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The Carnival of Brazil (Portuguese: Carnaval do Brasil, IPA: [kaʁnaˈvaw]) is an annual festival held during the Friday to the Tuesday before Ash Wednesday, which marks the beginning of Lent, the forty-day period before Easter. On certain days of Lent, Roman Catholics and some other Christians traditionally abstained from the consumption of meat and poultry, hence the term "carnival," fromcarnelevare, "to remove (literally, "raise") meat." Carnival has roots in the pagan festival of Saturnalia, which, adapted to Catholicism became a farewell to bad things in a season of religious discipline to practice repentance and prepare for Christ's death and resurrection.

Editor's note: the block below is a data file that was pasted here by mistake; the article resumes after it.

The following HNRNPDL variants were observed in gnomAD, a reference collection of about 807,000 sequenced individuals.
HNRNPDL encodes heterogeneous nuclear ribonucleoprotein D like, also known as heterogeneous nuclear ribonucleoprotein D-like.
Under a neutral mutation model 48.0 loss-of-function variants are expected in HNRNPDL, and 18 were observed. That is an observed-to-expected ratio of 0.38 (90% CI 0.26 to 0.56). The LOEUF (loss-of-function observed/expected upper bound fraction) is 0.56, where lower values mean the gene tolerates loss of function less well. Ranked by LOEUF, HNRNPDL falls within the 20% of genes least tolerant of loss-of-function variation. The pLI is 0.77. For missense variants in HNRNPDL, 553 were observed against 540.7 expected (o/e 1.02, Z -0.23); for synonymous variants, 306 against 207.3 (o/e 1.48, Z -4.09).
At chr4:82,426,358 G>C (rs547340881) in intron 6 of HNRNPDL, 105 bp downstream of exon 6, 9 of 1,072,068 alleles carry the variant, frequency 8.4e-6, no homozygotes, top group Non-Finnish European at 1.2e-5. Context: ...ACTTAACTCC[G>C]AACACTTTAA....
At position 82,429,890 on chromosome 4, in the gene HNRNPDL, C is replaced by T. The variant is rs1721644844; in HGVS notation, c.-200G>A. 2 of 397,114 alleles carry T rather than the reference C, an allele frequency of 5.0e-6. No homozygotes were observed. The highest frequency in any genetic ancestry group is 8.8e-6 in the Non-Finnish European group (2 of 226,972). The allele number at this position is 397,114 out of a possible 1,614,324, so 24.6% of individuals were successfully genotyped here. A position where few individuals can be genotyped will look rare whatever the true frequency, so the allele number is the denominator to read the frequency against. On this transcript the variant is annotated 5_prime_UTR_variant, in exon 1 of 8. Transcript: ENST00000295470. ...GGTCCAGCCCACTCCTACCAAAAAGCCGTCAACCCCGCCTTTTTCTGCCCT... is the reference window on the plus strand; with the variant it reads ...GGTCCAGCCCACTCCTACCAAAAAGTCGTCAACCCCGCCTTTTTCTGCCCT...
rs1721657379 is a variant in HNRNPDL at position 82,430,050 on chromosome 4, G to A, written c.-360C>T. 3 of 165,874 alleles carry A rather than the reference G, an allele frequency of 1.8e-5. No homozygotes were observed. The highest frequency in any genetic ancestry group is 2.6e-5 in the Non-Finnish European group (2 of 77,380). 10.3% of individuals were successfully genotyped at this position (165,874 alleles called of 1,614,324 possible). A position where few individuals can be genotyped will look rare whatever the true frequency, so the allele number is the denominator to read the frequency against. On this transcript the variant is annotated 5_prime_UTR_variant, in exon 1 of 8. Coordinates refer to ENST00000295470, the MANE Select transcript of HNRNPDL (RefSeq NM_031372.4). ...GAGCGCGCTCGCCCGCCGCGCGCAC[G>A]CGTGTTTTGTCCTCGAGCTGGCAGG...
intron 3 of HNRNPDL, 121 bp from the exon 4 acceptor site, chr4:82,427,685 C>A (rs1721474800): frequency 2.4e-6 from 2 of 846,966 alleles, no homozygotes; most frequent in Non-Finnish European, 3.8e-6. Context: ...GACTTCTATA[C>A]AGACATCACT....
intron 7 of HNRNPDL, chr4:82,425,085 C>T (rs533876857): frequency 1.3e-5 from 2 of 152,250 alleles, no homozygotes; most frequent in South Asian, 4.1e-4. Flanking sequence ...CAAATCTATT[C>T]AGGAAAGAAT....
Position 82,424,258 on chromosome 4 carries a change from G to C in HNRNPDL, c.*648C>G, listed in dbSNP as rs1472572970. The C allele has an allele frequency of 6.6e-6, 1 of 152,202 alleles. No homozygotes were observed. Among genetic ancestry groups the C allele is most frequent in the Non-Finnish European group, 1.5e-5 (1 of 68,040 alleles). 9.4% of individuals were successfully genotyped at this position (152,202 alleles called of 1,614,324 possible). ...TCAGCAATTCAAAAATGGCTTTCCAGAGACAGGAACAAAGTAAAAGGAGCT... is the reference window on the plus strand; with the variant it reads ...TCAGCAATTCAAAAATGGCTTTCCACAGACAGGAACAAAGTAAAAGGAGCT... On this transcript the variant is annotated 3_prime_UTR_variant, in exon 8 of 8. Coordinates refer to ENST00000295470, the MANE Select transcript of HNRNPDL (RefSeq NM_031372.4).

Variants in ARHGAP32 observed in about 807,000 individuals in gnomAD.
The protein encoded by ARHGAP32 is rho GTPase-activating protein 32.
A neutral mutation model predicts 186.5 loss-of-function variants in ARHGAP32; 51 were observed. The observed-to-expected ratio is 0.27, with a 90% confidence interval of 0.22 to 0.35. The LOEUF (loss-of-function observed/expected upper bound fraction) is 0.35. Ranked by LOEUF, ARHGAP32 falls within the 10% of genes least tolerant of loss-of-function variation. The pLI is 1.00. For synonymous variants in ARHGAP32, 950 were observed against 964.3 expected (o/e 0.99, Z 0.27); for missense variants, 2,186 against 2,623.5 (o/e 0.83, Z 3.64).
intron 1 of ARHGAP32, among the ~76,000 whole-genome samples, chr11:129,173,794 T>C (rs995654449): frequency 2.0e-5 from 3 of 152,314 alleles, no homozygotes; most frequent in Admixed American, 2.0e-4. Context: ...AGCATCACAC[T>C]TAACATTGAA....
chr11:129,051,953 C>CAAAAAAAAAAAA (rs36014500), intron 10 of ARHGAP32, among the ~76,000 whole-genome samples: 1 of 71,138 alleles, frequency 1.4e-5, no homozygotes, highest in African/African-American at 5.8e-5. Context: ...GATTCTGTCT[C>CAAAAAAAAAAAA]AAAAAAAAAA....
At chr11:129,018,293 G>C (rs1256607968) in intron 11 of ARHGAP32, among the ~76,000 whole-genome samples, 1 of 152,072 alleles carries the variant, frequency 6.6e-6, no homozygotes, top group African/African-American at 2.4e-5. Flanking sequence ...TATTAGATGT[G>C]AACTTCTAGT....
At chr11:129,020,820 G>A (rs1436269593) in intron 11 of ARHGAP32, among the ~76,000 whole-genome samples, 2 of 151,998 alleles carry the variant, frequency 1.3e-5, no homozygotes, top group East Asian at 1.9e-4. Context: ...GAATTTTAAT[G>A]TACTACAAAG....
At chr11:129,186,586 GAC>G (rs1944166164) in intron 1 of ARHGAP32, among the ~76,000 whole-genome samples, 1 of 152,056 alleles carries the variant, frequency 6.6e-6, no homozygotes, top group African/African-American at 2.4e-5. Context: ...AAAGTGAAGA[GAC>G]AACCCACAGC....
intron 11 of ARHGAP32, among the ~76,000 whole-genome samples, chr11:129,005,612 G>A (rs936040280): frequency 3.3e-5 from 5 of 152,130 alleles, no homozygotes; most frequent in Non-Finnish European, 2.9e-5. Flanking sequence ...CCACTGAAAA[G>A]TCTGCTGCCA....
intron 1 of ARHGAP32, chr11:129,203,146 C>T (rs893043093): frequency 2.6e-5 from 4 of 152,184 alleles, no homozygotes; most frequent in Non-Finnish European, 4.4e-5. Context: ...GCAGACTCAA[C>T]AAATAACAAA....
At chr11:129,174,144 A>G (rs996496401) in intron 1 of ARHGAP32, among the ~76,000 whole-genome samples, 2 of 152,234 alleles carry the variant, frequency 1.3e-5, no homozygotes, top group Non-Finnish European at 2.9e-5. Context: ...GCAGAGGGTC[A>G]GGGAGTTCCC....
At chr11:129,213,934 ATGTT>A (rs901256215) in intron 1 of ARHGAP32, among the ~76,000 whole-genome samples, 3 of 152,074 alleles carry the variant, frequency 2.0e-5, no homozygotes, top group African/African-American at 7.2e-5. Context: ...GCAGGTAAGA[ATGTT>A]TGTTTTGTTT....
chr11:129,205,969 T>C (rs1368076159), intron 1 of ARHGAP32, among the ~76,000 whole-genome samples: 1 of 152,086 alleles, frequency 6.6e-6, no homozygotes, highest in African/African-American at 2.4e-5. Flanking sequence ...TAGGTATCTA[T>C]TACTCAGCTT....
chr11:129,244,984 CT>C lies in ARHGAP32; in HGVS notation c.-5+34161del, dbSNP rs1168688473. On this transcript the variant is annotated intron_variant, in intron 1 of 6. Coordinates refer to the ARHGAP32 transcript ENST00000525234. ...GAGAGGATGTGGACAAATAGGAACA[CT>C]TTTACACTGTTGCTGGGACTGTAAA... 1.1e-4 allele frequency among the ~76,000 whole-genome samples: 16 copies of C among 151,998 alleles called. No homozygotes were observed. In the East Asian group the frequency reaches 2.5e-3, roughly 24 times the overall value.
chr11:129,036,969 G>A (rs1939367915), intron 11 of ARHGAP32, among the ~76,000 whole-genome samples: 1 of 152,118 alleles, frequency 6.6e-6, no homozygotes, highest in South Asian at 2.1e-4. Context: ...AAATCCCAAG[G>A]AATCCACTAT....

Rhythm, participation, and costumes vary from one region of Brazil to another. In the southeastern cities of Rio de Janeiro, São Paulo and Vitória, huge organized parades are led by samba schools. Those official parades are meant to be watched by the public, while minor parades ("blocos") allowing public participation can be found in other cities. The northeastern cities of Recife, Olinda, Salvadorand Porto Seguro have organized groups parading through streets, and public interacts directly with them. This carnival is also influenced by African-Brazilian culture. It's a six-day party where crowds follow the trios elétricos through the city streets, dancing and singing. Also in northeast, Olinda carnival features unique characteristics, heavily influenced by local folklore and cultural manifestations, such as Frevo and Maracatu.